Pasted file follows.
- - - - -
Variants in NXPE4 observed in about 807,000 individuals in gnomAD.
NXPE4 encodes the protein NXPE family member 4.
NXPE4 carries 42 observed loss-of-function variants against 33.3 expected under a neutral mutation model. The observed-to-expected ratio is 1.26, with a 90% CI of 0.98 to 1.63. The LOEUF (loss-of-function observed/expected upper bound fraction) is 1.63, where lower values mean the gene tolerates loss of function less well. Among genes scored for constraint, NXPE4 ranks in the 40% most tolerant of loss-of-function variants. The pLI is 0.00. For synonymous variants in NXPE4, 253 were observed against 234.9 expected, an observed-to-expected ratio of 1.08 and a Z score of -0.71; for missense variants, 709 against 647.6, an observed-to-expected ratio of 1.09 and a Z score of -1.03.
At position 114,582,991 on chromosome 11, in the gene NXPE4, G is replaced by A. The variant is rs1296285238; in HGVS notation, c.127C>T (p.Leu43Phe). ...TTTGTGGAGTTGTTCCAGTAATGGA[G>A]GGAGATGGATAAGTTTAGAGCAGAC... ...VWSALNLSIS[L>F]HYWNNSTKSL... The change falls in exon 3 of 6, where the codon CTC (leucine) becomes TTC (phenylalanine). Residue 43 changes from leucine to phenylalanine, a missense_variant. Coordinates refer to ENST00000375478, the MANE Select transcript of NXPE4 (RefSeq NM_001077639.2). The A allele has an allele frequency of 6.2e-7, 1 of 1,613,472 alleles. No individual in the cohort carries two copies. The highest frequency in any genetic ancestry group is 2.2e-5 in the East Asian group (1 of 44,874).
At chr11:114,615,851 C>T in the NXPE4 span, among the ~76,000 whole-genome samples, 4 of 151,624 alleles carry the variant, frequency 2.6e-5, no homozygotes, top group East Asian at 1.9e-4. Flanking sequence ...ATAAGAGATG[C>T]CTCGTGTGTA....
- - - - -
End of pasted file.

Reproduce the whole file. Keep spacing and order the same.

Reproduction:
Variants in NXPE4 observed in about 807,000 individuals in gnomAD.
NXPE4 encodes the protein NXPE family member 4.
NXPE4 carries 42 observed loss-of-function variants against 33.3 expected under a neutral mutation model. The observed-to-expected ratio is 1.26, with a 90% CI of 0.98 to 1.63. The LOEUF (loss-of-function observed/expected upper bound fraction) is 1.63, where lower values mean the gene tolerates loss of function less well. Among genes scored for constraint, NXPE4 ranks in the 40% most tolerant of loss-of-function variants. The pLI is 0.00. For synonymous variants in NXPE4, 253 were observed against 234.9 expected, an observed-to-expected ratio of 1.08 and a Z score of -0.71; for missense variants, 709 against 647.6, an observed-to-expected ratio of 1.09 and a Z score of -1.03.
At position 114,582,991 on chromosome 11, in the gene NXPE4, G is replaced by A. The variant is rs1296285238; in HGVS notation, c.127C>T (p.Leu43Phe). ...TTTGTGGAGTTGTTCCAGTAATGGA[G>A]GGAGATGGATAAGTTTAGAGCAGAC... ...VWSALNLSIS[L>F]HYWNNSTKSL... The change falls in exon 3 of 6, where the codon CTC (leucine) becomes TTC (phenylalanine). Residue 43 changes from leucine to phenylalanine, a missense_variant. Coordinates refer to ENST00000375478, the MANE Select transcript of NXPE4 (RefSeq NM_001077639.2). The A allele has an allele frequency of 6.2e-7, 1 of 1,613,472 alleles. No individual in the cohort carries two copies. The highest frequency in any genetic ancestry group is 2.2e-5 in the East Asian group (1 of 44,874).
At chr11:114,615,851 C>T in the NXPE4 span, among the ~76,000 whole-genome samples, 4 of 151,624 alleles carry the variant, frequency 2.6e-5, no homozygotes, top group East Asian at 1.9e-4. Flanking sequence ...ATAAGAGATG[C>T]CTCGTGTGTA....